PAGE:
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Pelvic Wellness Program




What is it?

Genital hygiene means the way in which women keep their genitals clean.  This part of the body is made up of skin, moist areas and glands.  Secretions (moistness) from the vagina keep it clean and healthy and these secretions are normal.  These secretions protect the vagina and the skin.


Are there any problems with washing the genitals?

Yes.  The skin and moist surfaces of the body are very delicate.  It is important not to wash with harsh chemicals that may irritate the area.  Washing too often, or rubbing too hard when drying, can irritate this skin.  If you have problems in this area, washing with plain water is best.  Using soap, shower gels and some cleansers can make the problems worse.  Your healthcare provider may be able to suggest a soap substitute.


What is the best way of keeping myself “clean”?

After washing hands, gently separate the outer “lips” and bathe the inner skin (or vulva) with plain water, using your hands only.  Gently pat dry the outer skin.


What else should I know?

It is not necessary to wash the vulva every day and it should not be washed more than once a day.  Do not wash the vagina (the opening leading to cervix and uterus).  Do not use wipes, deodorants, douches or other cosmetic and cleansing products.  Women with a problem in this area should use only treatments prescribed by their healthcare provider.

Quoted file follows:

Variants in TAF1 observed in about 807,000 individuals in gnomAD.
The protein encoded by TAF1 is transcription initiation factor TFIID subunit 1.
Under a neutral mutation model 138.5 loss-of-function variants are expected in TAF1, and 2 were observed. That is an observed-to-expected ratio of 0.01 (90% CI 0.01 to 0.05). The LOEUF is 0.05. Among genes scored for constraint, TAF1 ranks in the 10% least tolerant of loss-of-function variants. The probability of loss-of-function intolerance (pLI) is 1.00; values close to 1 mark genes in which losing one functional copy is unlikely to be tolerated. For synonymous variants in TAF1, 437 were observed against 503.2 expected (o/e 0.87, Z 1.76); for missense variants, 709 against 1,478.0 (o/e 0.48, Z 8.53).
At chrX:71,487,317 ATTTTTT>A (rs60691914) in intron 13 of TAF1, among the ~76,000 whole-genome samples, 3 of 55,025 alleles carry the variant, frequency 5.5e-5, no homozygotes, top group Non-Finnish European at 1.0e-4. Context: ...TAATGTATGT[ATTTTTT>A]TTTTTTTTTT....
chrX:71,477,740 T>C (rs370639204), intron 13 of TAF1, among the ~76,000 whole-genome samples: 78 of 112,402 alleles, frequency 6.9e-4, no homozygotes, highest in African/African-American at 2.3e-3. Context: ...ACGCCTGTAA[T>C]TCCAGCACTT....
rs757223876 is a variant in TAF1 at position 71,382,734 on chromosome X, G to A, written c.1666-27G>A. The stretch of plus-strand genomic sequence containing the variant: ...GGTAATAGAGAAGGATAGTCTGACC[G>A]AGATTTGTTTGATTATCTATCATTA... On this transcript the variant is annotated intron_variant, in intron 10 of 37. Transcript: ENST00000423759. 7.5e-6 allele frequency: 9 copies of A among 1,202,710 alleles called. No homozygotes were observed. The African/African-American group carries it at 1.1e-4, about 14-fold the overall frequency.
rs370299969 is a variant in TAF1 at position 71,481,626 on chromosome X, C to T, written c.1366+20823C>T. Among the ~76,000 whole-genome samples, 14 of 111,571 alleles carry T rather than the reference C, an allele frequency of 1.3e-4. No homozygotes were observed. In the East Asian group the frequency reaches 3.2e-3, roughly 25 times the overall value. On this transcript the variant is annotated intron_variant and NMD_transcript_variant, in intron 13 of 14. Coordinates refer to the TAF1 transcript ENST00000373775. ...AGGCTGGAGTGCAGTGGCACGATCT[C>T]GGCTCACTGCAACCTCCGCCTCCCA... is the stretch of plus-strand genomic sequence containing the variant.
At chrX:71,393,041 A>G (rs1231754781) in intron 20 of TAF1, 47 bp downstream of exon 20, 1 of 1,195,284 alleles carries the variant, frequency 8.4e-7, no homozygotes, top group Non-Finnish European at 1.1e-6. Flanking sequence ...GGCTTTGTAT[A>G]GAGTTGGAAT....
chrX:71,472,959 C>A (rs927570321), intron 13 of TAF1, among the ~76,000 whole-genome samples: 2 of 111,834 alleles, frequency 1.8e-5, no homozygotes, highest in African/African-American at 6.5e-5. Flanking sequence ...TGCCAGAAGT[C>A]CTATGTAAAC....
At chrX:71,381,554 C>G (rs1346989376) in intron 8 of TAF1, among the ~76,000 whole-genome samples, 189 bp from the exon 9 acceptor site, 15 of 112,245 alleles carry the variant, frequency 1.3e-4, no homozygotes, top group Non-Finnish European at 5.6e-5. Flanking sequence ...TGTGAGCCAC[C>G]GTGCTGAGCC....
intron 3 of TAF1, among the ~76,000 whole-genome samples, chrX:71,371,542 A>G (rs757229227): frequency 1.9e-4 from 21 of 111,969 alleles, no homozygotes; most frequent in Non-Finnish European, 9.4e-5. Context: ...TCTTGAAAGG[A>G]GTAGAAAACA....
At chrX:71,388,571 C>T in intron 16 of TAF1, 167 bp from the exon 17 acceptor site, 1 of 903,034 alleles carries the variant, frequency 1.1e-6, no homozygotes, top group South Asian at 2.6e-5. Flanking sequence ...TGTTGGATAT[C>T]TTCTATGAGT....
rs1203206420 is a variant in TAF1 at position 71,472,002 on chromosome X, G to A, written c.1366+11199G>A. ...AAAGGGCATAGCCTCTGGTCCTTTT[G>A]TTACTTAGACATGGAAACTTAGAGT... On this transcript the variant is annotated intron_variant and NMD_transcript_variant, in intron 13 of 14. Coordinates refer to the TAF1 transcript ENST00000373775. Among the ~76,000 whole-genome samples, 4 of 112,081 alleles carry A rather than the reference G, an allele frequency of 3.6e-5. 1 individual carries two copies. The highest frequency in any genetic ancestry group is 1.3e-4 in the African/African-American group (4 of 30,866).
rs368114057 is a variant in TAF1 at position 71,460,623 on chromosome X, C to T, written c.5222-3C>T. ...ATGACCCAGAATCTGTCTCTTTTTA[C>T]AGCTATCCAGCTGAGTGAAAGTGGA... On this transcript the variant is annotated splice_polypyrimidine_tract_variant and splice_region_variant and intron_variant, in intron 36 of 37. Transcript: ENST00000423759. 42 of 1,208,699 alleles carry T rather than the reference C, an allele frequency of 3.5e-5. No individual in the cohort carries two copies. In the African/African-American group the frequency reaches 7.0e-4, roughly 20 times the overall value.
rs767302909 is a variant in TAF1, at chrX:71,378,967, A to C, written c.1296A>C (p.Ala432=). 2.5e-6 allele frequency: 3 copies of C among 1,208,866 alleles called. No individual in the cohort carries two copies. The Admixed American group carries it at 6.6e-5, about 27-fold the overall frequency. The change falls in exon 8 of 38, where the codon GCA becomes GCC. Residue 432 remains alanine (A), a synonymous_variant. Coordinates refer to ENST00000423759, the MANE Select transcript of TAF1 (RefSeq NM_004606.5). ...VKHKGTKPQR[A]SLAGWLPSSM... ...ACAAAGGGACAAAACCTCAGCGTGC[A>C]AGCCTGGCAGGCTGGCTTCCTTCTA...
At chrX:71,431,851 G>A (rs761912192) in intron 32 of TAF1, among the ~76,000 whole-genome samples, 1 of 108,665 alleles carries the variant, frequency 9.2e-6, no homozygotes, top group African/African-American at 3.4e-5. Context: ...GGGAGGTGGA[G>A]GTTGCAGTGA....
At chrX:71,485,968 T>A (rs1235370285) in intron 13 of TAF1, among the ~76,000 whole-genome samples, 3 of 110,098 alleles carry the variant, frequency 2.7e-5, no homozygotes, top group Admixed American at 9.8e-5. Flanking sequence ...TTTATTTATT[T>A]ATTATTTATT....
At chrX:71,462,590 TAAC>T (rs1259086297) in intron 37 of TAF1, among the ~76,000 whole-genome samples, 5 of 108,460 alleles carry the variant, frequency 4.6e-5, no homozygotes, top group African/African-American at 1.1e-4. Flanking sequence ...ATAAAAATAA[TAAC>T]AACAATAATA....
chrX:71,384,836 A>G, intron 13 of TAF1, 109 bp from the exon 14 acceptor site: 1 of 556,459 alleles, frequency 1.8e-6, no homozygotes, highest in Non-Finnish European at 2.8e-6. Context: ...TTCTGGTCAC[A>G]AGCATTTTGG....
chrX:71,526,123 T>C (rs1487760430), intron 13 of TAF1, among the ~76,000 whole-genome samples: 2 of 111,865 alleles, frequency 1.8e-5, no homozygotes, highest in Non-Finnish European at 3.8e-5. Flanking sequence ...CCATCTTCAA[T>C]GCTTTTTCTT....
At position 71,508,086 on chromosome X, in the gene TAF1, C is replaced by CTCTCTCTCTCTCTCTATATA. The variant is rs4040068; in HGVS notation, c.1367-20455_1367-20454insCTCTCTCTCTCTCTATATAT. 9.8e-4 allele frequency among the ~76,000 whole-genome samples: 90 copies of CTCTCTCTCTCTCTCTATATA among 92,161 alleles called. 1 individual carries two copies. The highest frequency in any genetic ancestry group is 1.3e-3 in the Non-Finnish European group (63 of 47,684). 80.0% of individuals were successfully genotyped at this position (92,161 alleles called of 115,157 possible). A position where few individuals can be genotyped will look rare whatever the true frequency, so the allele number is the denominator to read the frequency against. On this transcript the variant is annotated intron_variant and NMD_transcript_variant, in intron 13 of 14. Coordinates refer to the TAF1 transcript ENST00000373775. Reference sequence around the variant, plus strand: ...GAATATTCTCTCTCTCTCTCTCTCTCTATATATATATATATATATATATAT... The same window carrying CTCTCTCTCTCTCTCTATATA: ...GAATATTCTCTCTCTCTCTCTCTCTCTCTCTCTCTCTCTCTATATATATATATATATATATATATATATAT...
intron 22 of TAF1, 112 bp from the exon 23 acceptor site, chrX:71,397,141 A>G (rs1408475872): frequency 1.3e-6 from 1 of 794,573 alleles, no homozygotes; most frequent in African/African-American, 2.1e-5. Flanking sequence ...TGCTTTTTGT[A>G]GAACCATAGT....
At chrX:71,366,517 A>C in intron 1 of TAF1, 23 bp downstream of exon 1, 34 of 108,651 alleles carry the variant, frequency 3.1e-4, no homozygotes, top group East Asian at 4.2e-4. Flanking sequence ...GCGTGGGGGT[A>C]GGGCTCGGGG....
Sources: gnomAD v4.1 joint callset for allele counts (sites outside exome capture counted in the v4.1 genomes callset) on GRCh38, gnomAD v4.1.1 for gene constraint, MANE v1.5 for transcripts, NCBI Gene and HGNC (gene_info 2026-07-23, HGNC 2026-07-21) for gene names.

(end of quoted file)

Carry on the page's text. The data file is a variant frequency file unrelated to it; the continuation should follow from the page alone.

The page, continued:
• Use soft, white, unscented toilet paper.
  • Use lukewarm or cool sitz baths to relieve burning or irritation.
  • Avoid getting shampoo on the vulvar area.
  • Do not use bubble bath, feminine hygiene products, powder, or any perfumed creams or soaps.
  • Wash the vulva with cool to lukewarm water only.
  • Rinse the vulva with water after urinations.
  • Urinate before the bladder is full.
  • Prevent constipation by (a) adding fiber to your diet (if necessary, use a psyllium product such as Metamucil) and (b) drinking at least 8 glasses of water daily.
  • Use 100 percent cotton menstrual pads and tampons.
  • Avoid the daily use of pantiliners.  Change underwear as often as necessary to control wetness.
  • “Natural care products” –


International Society for the Study of Vulvovaginal Disease.

Patient Information Committee, December 2003.